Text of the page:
• Reduced intake: Poor appetite due to illness, food aversion, nausea or pain when eating, depression, anxiety, side effects of medication or drug addiction • Inability to eat: This can be due to investigations or being held nil by mouth, reduced levels of consciousness; confusion; difficulty in feeding oneself due to weakness, arthritis or other conditions such as Parkinson’s Disease, dysphasia, vomiting, painful mouth conditions, poor oral hygiene or dentition; restrictions imposed by surgery or investigations
• Lack of food availability: poverty; poor quality diet at home, in hospital or in care homes; problems with shopping and cooking • Impaired absorption: This can be due to medical and surgical problems effecting digestion & stomach, intestine, pancreas and liver /or absorption • Altered metabolism: Increased or changed metabolic demands requirements related to illness e.g. cancer; surgery, organ dysfunction, or treatment • Excess losses: Vomiting; diarrhoea; nutrient fistulae; stomas; losses from nasogastric losses tube and other drains or skin exudates from burns People at risk of Malnutrition
As we have seen, the groups most vulnerable to malnutrition include:
• People just discharged from hospital
• Elderly people (16% in residential care)
• People with cancer and other long-term conditions
• People recovering from surgery
Risk factors more specific to the elderly:
Dementia and other neurological disorders:
– Alzheimer’s disease
– Other forms of dementia
– Confusional syndrome
– Consciousness disorders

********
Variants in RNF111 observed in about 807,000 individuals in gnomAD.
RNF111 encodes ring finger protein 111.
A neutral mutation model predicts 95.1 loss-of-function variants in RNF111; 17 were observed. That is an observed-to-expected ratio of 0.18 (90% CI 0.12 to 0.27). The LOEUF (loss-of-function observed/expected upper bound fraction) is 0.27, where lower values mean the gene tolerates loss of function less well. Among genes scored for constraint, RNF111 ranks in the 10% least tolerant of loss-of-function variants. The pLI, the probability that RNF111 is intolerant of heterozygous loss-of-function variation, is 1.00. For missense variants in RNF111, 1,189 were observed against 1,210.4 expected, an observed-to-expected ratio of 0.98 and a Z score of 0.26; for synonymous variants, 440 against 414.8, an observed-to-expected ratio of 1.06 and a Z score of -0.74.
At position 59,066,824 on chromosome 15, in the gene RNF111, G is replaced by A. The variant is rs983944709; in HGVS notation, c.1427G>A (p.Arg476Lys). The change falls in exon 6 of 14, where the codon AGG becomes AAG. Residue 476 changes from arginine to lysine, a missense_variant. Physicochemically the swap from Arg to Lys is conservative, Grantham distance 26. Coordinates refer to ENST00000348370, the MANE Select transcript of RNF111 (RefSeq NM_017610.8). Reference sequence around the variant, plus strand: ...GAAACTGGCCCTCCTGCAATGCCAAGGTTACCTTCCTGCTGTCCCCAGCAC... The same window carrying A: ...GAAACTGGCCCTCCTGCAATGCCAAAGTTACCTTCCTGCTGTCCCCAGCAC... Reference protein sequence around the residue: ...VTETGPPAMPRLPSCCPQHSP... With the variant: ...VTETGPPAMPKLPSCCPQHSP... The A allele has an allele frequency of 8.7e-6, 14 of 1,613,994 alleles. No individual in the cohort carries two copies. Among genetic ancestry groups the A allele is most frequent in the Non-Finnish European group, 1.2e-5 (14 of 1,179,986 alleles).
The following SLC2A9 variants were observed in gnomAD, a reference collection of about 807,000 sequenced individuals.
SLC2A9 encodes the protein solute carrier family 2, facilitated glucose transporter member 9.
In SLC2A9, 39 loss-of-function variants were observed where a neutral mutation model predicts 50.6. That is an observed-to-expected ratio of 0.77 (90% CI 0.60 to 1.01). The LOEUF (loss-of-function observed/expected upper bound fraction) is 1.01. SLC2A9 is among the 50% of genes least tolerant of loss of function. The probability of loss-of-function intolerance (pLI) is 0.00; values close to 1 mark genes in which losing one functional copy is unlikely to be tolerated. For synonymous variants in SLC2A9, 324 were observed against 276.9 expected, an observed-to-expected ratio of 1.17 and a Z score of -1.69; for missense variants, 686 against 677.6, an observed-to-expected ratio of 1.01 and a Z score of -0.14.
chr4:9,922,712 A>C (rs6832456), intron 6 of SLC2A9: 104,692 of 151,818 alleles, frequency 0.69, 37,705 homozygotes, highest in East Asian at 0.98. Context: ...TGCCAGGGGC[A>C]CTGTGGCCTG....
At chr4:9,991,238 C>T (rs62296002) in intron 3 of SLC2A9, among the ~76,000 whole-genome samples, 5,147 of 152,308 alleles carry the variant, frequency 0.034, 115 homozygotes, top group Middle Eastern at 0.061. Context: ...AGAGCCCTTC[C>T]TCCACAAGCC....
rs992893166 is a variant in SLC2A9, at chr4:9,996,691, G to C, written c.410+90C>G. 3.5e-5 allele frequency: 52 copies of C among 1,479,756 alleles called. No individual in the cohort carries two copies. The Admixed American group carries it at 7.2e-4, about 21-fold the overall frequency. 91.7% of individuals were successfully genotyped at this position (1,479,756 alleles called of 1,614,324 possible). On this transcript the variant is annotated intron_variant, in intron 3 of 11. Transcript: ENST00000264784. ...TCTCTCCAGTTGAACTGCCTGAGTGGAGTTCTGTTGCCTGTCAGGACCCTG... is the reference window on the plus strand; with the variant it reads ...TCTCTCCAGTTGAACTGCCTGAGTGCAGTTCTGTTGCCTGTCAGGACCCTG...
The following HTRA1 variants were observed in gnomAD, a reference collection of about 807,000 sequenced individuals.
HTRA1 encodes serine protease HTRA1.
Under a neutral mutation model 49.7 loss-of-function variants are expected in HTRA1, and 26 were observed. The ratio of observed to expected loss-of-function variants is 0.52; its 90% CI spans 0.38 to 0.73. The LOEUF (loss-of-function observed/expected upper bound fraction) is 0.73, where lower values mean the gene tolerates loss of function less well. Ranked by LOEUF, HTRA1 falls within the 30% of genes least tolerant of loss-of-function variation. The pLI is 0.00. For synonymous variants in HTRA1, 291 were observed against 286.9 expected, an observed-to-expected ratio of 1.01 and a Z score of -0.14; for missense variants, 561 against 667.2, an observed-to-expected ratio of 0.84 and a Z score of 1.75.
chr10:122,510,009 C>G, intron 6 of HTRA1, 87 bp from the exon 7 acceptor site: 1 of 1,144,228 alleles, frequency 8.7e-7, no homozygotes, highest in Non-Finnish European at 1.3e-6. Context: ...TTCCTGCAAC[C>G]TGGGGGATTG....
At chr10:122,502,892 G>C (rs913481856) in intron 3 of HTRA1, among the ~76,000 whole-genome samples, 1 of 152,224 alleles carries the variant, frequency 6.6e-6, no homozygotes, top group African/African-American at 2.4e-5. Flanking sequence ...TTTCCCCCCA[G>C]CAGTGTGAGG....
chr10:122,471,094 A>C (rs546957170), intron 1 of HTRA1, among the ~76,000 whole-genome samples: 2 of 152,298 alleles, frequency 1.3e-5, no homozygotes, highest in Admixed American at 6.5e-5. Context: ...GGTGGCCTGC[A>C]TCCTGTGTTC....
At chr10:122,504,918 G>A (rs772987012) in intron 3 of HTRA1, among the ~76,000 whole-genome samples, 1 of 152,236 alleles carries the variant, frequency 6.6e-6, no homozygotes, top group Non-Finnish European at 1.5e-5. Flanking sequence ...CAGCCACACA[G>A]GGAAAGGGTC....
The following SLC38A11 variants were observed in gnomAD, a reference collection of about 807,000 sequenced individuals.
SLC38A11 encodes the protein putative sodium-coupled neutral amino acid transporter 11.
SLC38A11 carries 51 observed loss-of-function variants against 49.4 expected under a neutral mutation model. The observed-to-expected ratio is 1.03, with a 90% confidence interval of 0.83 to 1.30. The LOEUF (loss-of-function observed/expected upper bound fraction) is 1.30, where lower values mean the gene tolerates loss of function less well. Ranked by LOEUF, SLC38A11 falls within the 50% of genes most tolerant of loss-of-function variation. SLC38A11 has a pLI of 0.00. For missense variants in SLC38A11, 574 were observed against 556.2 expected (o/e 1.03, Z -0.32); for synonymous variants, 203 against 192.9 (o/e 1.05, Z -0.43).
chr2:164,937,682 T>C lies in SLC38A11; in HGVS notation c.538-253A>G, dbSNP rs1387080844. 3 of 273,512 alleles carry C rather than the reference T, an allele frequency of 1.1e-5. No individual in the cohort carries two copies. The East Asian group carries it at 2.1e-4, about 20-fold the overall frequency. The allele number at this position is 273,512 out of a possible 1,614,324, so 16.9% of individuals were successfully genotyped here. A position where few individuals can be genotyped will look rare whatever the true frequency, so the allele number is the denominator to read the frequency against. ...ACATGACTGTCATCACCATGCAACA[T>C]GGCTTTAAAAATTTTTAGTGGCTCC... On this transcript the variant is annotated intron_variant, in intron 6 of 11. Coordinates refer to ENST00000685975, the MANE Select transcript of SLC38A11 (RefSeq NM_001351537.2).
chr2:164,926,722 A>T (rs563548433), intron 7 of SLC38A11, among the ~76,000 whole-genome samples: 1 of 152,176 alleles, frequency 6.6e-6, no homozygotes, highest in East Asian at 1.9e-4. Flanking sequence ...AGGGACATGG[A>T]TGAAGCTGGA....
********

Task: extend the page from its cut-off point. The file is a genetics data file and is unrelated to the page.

Consequences of Malnutrition
Malnutrition can often go undetected and when left untreated, it can have serious consequences on health, which include:
• Increased risk to infections
• Delayed wound healing
• Impaired respiratory function
• Muscle weakness and depression
Detection of Malnutrition
There is no alternative to measurements of weight and height, along with other anthropometric measures in specialist circumstances. These measurements can then be used with the following questions: • Has our resident been eating a normal and varied diet in the last few weeks? • Has our resident experienced intentional or unintentional weight loss recently? Rapid weight loss is a concern in all patients/residents whether obese or not • Can our residents eat, swallow, digest and absorb enough food safely to meet their likely needs? • Does our resident have an unusually high need for all or some nutrients? Surgical stress, trauma, infection, metabolic disease, wounds, bedsores or history of poor intake may all contribute to such a need
• Does any treatment, disease, physical limitation or organ dysfunction limit out resident’s ability to handle the nutrients for current or future needs? • Does our resident have excessive nutrient losses through vomiting, diarrhoea, surgical drains etc? • Does a global assessment of our resident suggest under nourishment? Low body weight, loose fitting clothes, fragile skin, poor wound healing, apathy, wasted muscles, poor appetite, altered taste sensation, altered bowel habit. Discussion with relatives may be important • In the light of all of the above, can our resident meet all of their requirements by voluntary choice from the food available? Understanding that asking these questions take a significant amount of time and expertise, a number of screening tools have been developed to help you identify whether our residents are at risk of malnutrition.
Given the high prevalence of malnutrition and lack of proper management of patients/residents in various settings, performing a routine nutritional ‘screening’ should result in early identification of patients/residents who might have otherwise been missed. A screening tool should help establish reliable pathways of care for patients with malnutrition. Screening for malnutrition (and the risk of malnutrition) should be carried out by healthcare professionals with appropriate skills and training.
University/College: University of Arkansas System
Type of paper: Thesis/Dissertation Chapter
Date: 8 November 2016